Suppose sequestration goes through with cuts of about 9.4 percent for defense spending and about 8.2 percent for non-defense spending. Under that scenario, AAAS project cuts in funding for non-defense R&D of 7.6-8.2 percent.
That's pretty bad, but it gets a lot worse if defense programs were protected from cuts. It's hard to know how much defense spending might be cut, but some have suggested that it be held sacrosanct. So AAAS examined what would happen if DoD didn't take any cuts at all. Then cuts in non-defense R&D were estimated at 10.4-17.5 percent.
The impacts would be devastating. I am most familiar with NSF, so I'll focus on the impact there. The FY 2012 appropriation was just over $7 billion dollars, so cuts of $1 billion per year amount to 1/7th of its budget. With success rates in programs I'm familiar with already less than 10 percent, NSF may have to eliminate some programs completely and drastically limit the size of awards that it makes. Neither would be consistent with its mission.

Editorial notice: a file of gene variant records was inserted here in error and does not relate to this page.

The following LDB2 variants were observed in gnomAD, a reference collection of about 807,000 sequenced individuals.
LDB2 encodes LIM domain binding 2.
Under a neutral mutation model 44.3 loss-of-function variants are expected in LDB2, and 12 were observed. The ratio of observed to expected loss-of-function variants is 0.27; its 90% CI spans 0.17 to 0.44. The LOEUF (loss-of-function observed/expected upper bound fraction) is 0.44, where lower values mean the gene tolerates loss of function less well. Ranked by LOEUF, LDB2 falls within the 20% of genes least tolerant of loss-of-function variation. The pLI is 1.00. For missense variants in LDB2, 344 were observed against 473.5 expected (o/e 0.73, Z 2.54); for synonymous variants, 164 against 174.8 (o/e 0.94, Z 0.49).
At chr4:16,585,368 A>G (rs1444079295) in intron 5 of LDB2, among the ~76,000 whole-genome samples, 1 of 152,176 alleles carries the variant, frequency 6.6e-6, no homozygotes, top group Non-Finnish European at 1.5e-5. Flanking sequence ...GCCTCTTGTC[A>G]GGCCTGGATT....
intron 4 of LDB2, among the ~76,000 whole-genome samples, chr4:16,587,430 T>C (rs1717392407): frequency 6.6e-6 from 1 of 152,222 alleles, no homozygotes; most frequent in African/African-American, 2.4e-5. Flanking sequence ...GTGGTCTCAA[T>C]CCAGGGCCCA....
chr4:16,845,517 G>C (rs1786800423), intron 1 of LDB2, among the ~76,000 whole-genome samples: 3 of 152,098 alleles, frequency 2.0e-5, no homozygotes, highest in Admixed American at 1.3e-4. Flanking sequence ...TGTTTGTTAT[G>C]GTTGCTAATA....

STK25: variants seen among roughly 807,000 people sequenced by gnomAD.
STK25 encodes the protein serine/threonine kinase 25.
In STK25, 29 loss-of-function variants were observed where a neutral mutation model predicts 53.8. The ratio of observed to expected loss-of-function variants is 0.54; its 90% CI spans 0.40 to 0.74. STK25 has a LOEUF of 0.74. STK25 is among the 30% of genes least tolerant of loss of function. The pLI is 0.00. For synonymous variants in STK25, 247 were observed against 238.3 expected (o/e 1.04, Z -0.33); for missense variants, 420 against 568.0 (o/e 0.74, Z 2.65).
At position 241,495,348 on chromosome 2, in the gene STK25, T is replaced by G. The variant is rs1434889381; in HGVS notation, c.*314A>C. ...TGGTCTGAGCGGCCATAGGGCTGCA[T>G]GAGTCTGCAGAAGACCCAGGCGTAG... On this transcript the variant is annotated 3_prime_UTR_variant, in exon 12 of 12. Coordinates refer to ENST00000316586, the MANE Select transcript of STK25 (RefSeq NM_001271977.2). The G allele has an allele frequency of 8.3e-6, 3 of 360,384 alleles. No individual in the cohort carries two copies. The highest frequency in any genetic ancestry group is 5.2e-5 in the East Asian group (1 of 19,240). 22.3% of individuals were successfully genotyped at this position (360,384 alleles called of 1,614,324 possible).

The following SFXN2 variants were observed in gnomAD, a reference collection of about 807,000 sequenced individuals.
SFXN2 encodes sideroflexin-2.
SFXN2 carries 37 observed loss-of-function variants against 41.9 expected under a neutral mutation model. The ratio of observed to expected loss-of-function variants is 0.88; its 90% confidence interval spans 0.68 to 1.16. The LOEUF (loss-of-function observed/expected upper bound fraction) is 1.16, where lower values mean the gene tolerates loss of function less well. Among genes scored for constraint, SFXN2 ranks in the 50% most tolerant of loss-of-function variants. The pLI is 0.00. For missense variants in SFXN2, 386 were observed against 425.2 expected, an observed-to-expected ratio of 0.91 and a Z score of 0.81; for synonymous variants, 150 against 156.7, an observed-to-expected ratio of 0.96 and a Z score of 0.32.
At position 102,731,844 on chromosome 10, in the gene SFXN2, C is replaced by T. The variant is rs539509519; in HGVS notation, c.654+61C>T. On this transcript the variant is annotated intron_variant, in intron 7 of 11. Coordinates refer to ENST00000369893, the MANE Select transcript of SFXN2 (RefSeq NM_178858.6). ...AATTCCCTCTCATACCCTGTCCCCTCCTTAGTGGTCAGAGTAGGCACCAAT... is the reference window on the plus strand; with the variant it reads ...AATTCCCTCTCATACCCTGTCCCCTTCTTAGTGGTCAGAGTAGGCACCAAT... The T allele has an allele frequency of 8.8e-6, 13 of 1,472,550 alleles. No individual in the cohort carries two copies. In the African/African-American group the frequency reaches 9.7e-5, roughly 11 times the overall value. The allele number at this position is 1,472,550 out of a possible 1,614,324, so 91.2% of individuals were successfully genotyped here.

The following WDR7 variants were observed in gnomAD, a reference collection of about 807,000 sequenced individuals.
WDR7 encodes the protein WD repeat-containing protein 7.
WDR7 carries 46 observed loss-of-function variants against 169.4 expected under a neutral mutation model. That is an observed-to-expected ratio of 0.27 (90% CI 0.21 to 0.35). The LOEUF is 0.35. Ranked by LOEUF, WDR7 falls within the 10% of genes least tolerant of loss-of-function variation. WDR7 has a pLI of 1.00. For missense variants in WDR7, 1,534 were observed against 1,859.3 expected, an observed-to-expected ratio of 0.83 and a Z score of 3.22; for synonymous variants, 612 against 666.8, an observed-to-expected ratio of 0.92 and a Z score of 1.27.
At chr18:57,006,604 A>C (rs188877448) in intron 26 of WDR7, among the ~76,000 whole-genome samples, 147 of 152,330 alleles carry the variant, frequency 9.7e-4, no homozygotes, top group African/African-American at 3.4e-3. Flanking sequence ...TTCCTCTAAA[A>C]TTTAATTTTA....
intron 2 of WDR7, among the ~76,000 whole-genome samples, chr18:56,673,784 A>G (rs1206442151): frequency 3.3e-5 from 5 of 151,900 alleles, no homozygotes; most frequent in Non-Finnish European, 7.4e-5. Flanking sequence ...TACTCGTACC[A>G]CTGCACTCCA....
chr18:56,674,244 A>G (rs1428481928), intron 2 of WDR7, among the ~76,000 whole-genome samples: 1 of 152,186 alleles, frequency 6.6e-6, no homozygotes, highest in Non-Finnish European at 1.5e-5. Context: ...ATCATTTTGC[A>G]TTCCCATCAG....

NSF is the only federal agency whose mission includes support for all fields of fundamental science and engineering, except for medical sciences. We are tasked with keeping the United States at the leading edge of discovery in areas from astronomy to geology to zoology. So, in addition to funding research in the traditional academic areas, the agency also supports "high-risk, high pay-off" ideas, novel collaborations and numerous projects that may seem like science fiction today, but which the public will take for granted tomorrow. And in every case, we ensure that research is fully integrated with education so that today's revolutionary work will also be training tomorrow's top scientists and engineers. (source)